Throughout the evaluation process, the safety and security of residents, staff, and visitors are paramount in driving the planning and implementation of a shelter facility. Any shelter facility under consideration would require a reservation-only intake process, 24/7 on-site security, and a buffer zone of code enforcement responsibilities to ensure safe and orderly access. The reservation process involves partnering with law enforcement, clearing background checks, and processing intake assessments with City Net. City Net is the City’s contracted social service provider. 

In addition to evaluating shelter options, the City Council and staff continue to pursue a multifaceted approach to solve issues resulting from homelessness. City staff is working closely with OCTA and the Irvine Company to address the concerns at the OCTA Transportation Center. This week, OCTA provided authorization for the Newport Beach Police Department to enforce trespassing violations at the Transportation Center when the center is closed at night. Following posting of additional signage, we anticipate enforcement to occur in the coming days. The Homeless Task Force, which includes three Council members and seven members of the community, is working on long-term strategies and a comprehensive community plan for addressing homelessness.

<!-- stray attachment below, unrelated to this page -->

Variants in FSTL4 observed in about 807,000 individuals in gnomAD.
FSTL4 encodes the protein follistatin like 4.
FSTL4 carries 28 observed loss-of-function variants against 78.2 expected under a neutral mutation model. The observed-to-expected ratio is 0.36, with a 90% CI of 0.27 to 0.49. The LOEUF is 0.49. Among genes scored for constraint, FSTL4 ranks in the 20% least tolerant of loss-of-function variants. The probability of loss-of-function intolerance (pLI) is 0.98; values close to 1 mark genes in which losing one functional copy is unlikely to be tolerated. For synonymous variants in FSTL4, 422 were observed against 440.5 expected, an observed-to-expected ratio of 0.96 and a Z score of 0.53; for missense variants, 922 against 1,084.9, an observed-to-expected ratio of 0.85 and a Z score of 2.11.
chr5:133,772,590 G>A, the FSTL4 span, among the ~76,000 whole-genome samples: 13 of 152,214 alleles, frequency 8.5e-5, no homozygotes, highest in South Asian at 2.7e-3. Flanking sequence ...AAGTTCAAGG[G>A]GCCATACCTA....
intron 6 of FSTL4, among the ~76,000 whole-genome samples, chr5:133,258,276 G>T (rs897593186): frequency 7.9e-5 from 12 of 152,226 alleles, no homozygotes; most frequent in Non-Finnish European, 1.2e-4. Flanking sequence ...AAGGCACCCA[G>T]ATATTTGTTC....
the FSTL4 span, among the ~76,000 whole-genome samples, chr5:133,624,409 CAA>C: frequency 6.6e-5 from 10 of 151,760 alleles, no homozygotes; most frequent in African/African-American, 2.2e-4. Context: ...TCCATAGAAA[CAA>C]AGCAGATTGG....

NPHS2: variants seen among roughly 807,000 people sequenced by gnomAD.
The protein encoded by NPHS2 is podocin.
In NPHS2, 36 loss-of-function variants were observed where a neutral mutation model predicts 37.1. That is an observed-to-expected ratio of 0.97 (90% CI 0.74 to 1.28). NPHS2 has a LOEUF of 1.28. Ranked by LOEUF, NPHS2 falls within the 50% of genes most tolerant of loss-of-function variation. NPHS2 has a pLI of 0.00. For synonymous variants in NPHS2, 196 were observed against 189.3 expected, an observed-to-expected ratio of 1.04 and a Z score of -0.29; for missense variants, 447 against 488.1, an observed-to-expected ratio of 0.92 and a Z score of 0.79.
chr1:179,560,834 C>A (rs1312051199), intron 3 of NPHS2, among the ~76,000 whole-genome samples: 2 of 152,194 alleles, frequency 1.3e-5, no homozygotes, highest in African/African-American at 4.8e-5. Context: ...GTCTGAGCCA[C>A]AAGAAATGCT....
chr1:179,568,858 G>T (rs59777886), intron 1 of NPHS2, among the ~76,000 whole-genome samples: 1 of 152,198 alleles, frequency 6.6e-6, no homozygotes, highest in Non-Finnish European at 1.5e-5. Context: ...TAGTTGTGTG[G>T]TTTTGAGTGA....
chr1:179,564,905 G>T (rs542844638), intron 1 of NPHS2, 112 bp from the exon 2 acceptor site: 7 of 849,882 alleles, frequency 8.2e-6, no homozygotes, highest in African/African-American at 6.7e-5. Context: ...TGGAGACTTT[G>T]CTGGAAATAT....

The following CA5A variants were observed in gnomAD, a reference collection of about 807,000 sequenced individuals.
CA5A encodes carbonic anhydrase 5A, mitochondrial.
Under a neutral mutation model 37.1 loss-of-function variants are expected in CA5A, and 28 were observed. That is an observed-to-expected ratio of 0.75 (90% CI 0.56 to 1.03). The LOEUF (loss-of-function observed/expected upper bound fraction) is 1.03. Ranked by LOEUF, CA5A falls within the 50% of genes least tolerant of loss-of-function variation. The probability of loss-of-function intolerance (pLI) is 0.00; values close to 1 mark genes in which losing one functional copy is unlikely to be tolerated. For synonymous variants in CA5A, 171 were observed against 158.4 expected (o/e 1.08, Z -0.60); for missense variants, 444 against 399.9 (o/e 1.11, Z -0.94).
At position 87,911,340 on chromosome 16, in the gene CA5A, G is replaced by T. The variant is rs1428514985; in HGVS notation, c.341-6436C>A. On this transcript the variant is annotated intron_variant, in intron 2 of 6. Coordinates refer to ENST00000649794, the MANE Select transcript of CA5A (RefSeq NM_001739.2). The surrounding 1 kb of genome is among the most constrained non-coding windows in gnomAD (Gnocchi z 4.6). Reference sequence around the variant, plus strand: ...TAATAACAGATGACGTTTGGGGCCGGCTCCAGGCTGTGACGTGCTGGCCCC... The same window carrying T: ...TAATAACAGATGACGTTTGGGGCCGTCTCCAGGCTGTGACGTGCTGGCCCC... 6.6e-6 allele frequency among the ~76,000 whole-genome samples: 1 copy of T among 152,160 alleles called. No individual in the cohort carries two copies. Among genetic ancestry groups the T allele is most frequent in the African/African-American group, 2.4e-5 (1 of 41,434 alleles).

GP Update Steering Committee Meeting – On Thursday, September 12, the General Plan Update Steering Committee (GPUSC) will meet in the Bay Island Room (second floor) of Marina Park beginning at 6 p.m. The entire community is invited and encouraged to attend, as this will be an exciting meeting with much to talk about.